Helen and Alastair - some background

Helen and Alastair - some background : We have always hoped to return to Africa once more before we're too old (perhaps we already are!). Alastair first went to Africa in 1974 as a junior doctor, working for the Church of Scotland in a small hospital in Transkei, South Africa. I met Alastair there in 1982, were married in 1984 and continued in Transkei until 1988. From there we went to Kenya, as employees of the Church of Scotland, where Alastair ran Chogoria Hospital. We left in 1995, with Alec, Peter and Becky to establish the children's schooling and our work in Britain. Here Alastair found himself as consultant in Breast cancer surgery, and Helen initially trained and worked as a GP before "evolving" to full time ordained ministry. Alec is now married to Ruth, and they have baby Zach; Pete is in his final year of medicine in Edinburgh, and Becky half way through nurse training in Oxford.

The Diocese of Western Tanganyika is a partner of Gloucester diocese. The plan is for Helen to join the teaching staff of the Bible College, teaching those preparing for ministry. Alastair will teach English to the students at the college, as well as doing some surgery at the church-run hospitals, and helping with project management in the Diocese.
We will keep you updated on our plans over the next few months and will greatly value your prayer support. Our current prayer requests - and thanks to God of course - will be posted on the side bar.

Monday, 13 May 2013

College news

Weekly bible study
My work in college has been exceptionally busy lately, and combined with Alastair's heavy schedule and us both being unwell it has made the last month probably our toughest yet. However we seem to have gathered strength again and we can now look forward to our visit home (June 30th - August 5th).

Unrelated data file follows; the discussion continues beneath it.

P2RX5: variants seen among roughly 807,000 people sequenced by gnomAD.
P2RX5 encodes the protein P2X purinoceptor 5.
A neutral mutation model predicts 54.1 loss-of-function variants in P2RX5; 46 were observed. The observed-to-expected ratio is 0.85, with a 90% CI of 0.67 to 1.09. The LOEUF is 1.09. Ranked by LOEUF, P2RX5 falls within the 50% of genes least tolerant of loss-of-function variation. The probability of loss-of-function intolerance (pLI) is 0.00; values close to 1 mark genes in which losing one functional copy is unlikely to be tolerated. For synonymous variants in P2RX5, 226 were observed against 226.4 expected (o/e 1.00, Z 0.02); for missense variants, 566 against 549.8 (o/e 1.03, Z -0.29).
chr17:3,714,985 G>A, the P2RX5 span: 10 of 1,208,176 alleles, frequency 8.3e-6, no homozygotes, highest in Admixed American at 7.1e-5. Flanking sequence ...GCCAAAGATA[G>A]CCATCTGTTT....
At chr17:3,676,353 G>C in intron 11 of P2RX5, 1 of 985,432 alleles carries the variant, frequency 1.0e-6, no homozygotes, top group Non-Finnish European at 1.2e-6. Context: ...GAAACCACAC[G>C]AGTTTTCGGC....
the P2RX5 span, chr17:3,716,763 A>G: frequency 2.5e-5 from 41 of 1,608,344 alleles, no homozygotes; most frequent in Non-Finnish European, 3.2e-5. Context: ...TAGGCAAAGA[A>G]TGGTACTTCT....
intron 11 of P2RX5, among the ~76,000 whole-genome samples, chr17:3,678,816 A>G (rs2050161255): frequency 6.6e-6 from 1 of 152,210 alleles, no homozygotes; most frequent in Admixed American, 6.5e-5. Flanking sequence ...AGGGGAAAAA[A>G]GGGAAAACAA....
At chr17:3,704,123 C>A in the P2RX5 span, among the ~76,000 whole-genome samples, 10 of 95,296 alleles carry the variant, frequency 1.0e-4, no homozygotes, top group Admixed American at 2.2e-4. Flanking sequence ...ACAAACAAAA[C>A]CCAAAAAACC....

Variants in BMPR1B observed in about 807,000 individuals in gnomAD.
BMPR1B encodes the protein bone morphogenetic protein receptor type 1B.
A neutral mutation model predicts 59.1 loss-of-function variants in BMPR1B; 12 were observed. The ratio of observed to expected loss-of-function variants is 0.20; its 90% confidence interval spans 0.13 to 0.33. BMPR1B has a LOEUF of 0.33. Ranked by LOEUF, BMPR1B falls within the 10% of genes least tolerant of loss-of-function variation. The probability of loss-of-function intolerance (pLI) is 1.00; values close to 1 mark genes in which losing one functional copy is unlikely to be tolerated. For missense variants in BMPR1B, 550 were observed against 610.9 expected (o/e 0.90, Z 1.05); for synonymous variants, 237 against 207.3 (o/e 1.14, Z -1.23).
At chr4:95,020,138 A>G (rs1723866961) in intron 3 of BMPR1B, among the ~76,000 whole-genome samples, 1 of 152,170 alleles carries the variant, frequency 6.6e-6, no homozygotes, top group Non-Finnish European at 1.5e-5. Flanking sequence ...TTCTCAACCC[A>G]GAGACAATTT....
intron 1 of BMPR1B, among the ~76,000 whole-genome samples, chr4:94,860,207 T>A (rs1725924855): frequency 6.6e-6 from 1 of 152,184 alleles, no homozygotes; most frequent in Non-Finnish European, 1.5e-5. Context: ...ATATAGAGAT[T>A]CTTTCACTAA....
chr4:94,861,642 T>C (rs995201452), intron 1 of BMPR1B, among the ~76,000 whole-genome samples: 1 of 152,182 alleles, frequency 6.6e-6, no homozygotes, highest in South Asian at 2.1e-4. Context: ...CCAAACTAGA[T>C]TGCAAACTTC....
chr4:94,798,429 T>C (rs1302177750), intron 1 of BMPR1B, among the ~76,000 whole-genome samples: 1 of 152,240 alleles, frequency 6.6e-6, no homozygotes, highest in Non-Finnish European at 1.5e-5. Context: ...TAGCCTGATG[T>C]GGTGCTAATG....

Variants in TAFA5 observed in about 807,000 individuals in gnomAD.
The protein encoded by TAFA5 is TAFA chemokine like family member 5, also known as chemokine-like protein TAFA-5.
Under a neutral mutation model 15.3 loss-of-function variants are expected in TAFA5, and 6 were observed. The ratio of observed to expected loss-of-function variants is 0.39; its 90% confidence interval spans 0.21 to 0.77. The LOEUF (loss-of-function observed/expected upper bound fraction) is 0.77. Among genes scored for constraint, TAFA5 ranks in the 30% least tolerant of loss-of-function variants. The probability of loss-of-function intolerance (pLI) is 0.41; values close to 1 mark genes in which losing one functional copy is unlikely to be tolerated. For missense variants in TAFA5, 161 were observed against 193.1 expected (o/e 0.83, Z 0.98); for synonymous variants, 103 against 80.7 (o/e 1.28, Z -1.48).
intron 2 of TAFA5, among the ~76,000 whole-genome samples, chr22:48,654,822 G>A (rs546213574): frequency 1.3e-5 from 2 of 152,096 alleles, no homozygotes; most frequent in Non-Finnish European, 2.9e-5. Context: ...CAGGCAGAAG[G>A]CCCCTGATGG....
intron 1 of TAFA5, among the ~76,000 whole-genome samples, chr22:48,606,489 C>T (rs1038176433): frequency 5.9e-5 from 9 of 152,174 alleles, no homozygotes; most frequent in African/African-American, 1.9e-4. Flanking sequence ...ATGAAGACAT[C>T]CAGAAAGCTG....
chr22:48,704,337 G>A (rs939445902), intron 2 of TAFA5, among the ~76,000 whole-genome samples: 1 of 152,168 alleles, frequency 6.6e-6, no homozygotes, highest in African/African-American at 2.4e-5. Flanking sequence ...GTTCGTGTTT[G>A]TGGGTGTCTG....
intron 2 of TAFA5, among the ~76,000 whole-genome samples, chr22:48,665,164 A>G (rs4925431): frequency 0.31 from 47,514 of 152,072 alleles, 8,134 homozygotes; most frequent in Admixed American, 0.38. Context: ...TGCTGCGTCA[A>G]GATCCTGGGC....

Cooking lessons
My current teaching includes the life of St Paul, Counselling skills, how to preach (which I need to teach in Swahili), various English lessons, cake-making with the women...  I'm really pleased to have recently introduced weekly Bible study groups for the students for which I write the study questions and then get help to translate them into Swahili. In 2 weeks the students will sit their end of year exams, and it's my responsibility to get the exams prepared, organised, marked etc.
However a lot of my work is my informal pastoral role. There's usually a queue outside my office of students and their wives who need : paracetamol, blood tests for malaria, more knitting wool, advice about the sick baby, extensions for assignments, extra English lessons, money for the bus fare home, to borrow the sellotape, or a listening ear about almost anything.

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